New study identifies DNA signatures associated with risk for cardiovascular disease, a discovery that could lead to opportunities for clinical intervention years before symptoms manifest. Based on analyses of data from five large heart cohort studies of diverse populations, the findings are published in the journal JAMA Cardiology.
“The science is rapidly advancing in the area of epigenetics—modifications to our DNA that are often environmentally driven and have the potential to serve as early warning sign for disease,” says Ana Navas-Acien, MD, PhD, the study’s first author and professor of environmental health sciences at Columbia University Mailman School of Public Health. “In this study, we harness the country’s best clinical data on heart disease from diverse populations to begin to unlock the specific epigenetic changes involved in the complex biology that leads to disease. Ultimately, we hope the research will allow us to identify and prevent disease before the worst damage takes place, although developing appropriate DNA methylation tests is still years away.”
The researchers began their analysis with data from the Strong Heart Study, the largest study of cardiovascular disease in American Indians, conducted in partnership with communities across the Great Plains and the Southwest since 1988. They analyzed blood samples to identify specific locations on DNA where methylation activity was associated with incidents of coronary heart disease, including heart attack and coronary deaths (methylation can change the activity of a DNA segment without changing the genetic sequence).
“The use of high-dimensional statistical methods allowed us to study methylation in hundreds of thousands of specific locations in the DNA at the same time” says Arce Domingo-Relloso, MSc, a data scientist at the Columbia Mailman School and the study co-author leading the statistical analyses for the project.
The researchers then took the same approach with four other major heart disease cohorts: Atherosclerosis Risk in Communities (divided into Black and white cohorts due to differences in timing and laboratory methods), Framingham Heart Study, and Women’s Health Initiative. In all, they examined more than 400,000 DNA locations and 1,894 coronary heart disease events.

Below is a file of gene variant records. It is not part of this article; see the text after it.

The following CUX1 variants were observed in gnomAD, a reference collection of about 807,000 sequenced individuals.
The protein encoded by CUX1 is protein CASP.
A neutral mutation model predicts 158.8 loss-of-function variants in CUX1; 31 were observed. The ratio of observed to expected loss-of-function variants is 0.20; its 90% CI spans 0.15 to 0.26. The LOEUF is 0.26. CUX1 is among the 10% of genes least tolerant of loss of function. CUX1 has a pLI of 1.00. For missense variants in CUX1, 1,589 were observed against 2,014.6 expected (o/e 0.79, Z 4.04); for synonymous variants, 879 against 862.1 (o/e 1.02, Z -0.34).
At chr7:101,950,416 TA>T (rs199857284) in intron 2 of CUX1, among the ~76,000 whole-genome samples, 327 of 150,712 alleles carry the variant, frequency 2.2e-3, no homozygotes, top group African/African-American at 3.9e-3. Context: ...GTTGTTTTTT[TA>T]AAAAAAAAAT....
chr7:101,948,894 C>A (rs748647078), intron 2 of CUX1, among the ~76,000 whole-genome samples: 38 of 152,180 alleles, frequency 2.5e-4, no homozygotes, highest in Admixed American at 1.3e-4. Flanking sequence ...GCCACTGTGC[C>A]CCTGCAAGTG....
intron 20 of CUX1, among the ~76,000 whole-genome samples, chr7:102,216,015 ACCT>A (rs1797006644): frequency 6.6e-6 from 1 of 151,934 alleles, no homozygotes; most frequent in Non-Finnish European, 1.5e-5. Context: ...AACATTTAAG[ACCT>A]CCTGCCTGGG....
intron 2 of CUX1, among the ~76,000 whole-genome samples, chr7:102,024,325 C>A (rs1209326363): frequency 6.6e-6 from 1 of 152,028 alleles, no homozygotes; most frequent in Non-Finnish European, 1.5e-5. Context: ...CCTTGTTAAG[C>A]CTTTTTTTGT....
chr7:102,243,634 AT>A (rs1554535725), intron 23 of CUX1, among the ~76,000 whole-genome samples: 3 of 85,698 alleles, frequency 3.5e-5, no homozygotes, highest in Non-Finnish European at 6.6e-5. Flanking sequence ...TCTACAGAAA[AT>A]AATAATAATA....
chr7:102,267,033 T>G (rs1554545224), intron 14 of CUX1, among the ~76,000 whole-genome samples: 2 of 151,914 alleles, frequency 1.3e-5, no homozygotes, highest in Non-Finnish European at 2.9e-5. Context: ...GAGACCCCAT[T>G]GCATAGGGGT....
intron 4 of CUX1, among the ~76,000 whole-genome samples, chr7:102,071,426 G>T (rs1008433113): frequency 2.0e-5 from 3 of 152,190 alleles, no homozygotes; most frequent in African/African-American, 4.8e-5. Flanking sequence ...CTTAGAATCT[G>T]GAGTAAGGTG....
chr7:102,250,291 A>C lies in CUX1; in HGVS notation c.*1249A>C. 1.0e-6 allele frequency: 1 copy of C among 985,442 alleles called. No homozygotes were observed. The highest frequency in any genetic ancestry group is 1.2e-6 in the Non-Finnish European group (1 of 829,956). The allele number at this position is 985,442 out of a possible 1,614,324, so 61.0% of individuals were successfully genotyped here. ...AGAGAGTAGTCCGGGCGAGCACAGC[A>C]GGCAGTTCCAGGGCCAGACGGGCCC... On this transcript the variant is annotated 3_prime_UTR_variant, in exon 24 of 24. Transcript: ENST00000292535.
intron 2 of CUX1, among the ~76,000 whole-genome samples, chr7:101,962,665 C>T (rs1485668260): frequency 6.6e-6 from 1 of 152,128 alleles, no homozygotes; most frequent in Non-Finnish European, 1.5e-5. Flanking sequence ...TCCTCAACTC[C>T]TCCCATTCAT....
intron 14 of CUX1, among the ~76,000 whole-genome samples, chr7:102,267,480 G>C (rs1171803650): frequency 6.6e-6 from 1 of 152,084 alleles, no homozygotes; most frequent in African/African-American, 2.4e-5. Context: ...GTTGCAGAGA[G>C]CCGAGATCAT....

In the initial analysis of Strong Heart data, they identified 506 epigenetic marks linked to cardiovascular risk. Of these, 33 were also linked to cardiovascular risk in three or more of the other cohorts, although some of these sites were associated with higher risk of disease in one cohort but with lower risk of disease in other cohorts. Among the 33 methylation sites are those previously linked to cardiovascular risk and smoking, as well as novel sites that the researchers say are worthy of future investigation. Further analysis of the commonalities between the 33 marks found that many of them are connected with the EGFR gene, which is involved in cell growth and cell survival.
“The overlap of these methylation sites across diverse cohorts supports the idea of interconnected biological pathways for cardiovascular risk,” says Yuling Hong, MD, PhD, chief of the epidemiology branch within the Division of Cardiovascular Sciences at the National Heart, Lung, and Blood Institute. “The more we understand about early risk for cardiovascular disease the better we may be able to prevent illness, particularly in populations such as American Indians with relatively high risk for heart disease.”